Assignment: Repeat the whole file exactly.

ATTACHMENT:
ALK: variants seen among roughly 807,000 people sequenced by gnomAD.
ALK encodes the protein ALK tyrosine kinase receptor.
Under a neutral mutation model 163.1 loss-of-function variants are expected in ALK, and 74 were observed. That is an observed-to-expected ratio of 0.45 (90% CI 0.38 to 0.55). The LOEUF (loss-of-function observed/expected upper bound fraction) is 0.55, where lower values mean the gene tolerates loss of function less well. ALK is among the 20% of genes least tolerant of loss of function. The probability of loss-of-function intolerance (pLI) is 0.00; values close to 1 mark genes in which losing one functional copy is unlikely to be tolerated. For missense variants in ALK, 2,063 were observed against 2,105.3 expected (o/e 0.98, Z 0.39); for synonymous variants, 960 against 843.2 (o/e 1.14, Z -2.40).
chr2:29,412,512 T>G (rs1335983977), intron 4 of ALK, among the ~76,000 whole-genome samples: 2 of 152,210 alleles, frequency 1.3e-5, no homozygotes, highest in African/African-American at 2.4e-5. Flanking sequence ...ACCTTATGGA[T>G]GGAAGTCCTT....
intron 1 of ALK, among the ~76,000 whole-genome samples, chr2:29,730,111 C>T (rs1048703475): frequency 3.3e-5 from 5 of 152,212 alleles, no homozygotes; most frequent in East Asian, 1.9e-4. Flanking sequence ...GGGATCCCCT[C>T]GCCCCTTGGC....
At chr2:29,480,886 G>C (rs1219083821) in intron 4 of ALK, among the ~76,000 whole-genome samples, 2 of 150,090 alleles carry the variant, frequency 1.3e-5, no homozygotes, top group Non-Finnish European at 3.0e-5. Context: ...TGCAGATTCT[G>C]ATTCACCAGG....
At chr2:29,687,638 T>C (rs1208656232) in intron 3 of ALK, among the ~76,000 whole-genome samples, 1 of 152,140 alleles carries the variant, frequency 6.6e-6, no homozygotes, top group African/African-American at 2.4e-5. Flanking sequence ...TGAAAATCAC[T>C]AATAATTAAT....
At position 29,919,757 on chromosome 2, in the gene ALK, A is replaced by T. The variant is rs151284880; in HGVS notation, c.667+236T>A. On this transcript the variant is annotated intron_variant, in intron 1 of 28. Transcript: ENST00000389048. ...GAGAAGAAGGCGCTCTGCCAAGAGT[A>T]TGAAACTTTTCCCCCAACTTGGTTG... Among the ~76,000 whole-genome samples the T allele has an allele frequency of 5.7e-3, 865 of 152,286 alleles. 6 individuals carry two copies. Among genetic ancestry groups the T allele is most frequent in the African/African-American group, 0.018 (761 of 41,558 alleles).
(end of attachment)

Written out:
ALK: variants seen among roughly 807,000 people sequenced by gnomAD.
ALK encodes the protein ALK tyrosine kinase receptor.
Under a neutral mutation model 163.1 loss-of-function variants are expected in ALK, and 74 were observed. That is an observed-to-expected ratio of 0.45 (90% CI 0.38 to 0.55). The LOEUF (loss-of-function observed/expected upper bound fraction) is 0.55, where lower values mean the gene tolerates loss of function less well. ALK is among the 20% of genes least tolerant of loss of function. The probability of loss-of-function intolerance (pLI) is 0.00; values close to 1 mark genes in which losing one functional copy is unlikely to be tolerated. For missense variants in ALK, 2,063 were observed against 2,105.3 expected (o/e 0.98, Z 0.39); for synonymous variants, 960 against 843.2 (o/e 1.14, Z -2.40).
chr2:29,412,512 T>G (rs1335983977), intron 4 of ALK, among the ~76,000 whole-genome samples: 2 of 152,210 alleles, frequency 1.3e-5, no homozygotes, highest in African/African-American at 2.4e-5. Flanking sequence ...ACCTTATGGA[T>G]GGAAGTCCTT....
intron 1 of ALK, among the ~76,000 whole-genome samples, chr2:29,730,111 C>T (rs1048703475): frequency 3.3e-5 from 5 of 152,212 alleles, no homozygotes; most frequent in East Asian, 1.9e-4. Flanking sequence ...GGGATCCCCT[C>T]GCCCCTTGGC....
At chr2:29,480,886 G>C (rs1219083821) in intron 4 of ALK, among the ~76,000 whole-genome samples, 2 of 150,090 alleles carry the variant, frequency 1.3e-5, no homozygotes, top group Non-Finnish European at 3.0e-5. Context: ...TGCAGATTCT[G>C]ATTCACCAGG....
At chr2:29,687,638 T>C (rs1208656232) in intron 3 of ALK, among the ~76,000 whole-genome samples, 1 of 152,140 alleles carries the variant, frequency 6.6e-6, no homozygotes, top group African/African-American at 2.4e-5. Flanking sequence ...TGAAAATCAC[T>C]AATAATTAAT....
At position 29,919,757 on chromosome 2, in the gene ALK, A is replaced by T. The variant is rs151284880; in HGVS notation, c.667+236T>A. On this transcript the variant is annotated intron_variant, in intron 1 of 28. Transcript: ENST00000389048. ...GAGAAGAAGGCGCTCTGCCAAGAGT[A>T]TGAAACTTTTCCCCCAACTTGGTTG... Among the ~76,000 whole-genome samples the T allele has an allele frequency of 5.7e-3, 865 of 152,286 alleles. 6 individuals carry two copies. Among genetic ancestry groups the T allele is most frequent in the African/African-American group, 0.018 (761 of 41,558 alleles).